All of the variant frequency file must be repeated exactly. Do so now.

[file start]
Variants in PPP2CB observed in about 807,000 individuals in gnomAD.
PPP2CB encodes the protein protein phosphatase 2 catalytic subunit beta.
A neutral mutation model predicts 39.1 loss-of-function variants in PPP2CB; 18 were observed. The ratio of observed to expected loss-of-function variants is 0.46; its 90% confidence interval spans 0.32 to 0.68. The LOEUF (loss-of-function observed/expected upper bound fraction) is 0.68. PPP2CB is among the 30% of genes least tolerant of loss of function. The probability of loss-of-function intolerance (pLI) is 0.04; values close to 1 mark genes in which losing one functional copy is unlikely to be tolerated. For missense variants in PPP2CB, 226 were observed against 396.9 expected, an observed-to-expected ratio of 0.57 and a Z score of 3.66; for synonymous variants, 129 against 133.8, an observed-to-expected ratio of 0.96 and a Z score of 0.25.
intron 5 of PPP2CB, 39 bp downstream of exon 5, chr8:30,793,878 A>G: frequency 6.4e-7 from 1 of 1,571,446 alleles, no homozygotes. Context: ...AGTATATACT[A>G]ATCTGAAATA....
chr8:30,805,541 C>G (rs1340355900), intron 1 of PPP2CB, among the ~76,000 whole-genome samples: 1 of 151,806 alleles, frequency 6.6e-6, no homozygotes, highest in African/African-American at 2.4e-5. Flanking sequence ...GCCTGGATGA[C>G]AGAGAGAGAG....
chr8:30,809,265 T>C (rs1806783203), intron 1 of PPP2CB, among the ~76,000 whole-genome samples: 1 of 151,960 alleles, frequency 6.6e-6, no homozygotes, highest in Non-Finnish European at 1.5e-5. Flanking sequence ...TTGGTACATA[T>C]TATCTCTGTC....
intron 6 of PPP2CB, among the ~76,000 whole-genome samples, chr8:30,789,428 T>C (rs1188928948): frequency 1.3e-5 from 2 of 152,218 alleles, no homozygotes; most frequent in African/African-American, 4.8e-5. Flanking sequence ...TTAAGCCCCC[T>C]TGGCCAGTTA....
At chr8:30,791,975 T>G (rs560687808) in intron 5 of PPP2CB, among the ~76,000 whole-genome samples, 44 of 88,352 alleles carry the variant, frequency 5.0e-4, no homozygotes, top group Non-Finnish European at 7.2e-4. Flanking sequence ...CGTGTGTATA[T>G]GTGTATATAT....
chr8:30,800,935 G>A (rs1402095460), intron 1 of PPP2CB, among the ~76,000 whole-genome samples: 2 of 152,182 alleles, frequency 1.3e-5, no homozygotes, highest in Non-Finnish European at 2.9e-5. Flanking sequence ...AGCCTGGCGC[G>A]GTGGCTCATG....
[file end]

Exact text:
Variants in PPP2CB observed in about 807,000 individuals in gnomAD.
PPP2CB encodes the protein protein phosphatase 2 catalytic subunit beta.
A neutral mutation model predicts 39.1 loss-of-function variants in PPP2CB; 18 were observed. The ratio of observed to expected loss-of-function variants is 0.46; its 90% confidence interval spans 0.32 to 0.68. The LOEUF (loss-of-function observed/expected upper bound fraction) is 0.68. PPP2CB is among the 30% of genes least tolerant of loss of function. The probability of loss-of-function intolerance (pLI) is 0.04; values close to 1 mark genes in which losing one functional copy is unlikely to be tolerated. For missense variants in PPP2CB, 226 were observed against 396.9 expected, an observed-to-expected ratio of 0.57 and a Z score of 3.66; for synonymous variants, 129 against 133.8, an observed-to-expected ratio of 0.96 and a Z score of 0.25.
intron 5 of PPP2CB, 39 bp downstream of exon 5, chr8:30,793,878 A>G: frequency 6.4e-7 from 1 of 1,571,446 alleles, no homozygotes. Context: ...AGTATATACT[A>G]ATCTGAAATA....
chr8:30,805,541 C>G (rs1340355900), intron 1 of PPP2CB, among the ~76,000 whole-genome samples: 1 of 151,806 alleles, frequency 6.6e-6, no homozygotes, highest in African/African-American at 2.4e-5. Flanking sequence ...GCCTGGATGA[C>G]AGAGAGAGAG....
chr8:30,809,265 T>C (rs1806783203), intron 1 of PPP2CB, among the ~76,000 whole-genome samples: 1 of 151,960 alleles, frequency 6.6e-6, no homozygotes, highest in Non-Finnish European at 1.5e-5. Flanking sequence ...TTGGTACATA[T>C]TATCTCTGTC....
intron 6 of PPP2CB, among the ~76,000 whole-genome samples, chr8:30,789,428 T>C (rs1188928948): frequency 1.3e-5 from 2 of 152,218 alleles, no homozygotes; most frequent in African/African-American, 4.8e-5. Flanking sequence ...TTAAGCCCCC[T>C]TGGCCAGTTA....
At chr8:30,791,975 T>G (rs560687808) in intron 5 of PPP2CB, among the ~76,000 whole-genome samples, 44 of 88,352 alleles carry the variant, frequency 5.0e-4, no homozygotes, top group Non-Finnish European at 7.2e-4. Flanking sequence ...CGTGTGTATA[T>G]GTGTATATAT....
chr8:30,800,935 G>A (rs1402095460), intron 1 of PPP2CB, among the ~76,000 whole-genome samples: 2 of 152,182 alleles, frequency 1.3e-5, no homozygotes, highest in Non-Finnish European at 2.9e-5. Flanking sequence ...AGCCTGGCGC[G>A]GTGGCTCATG....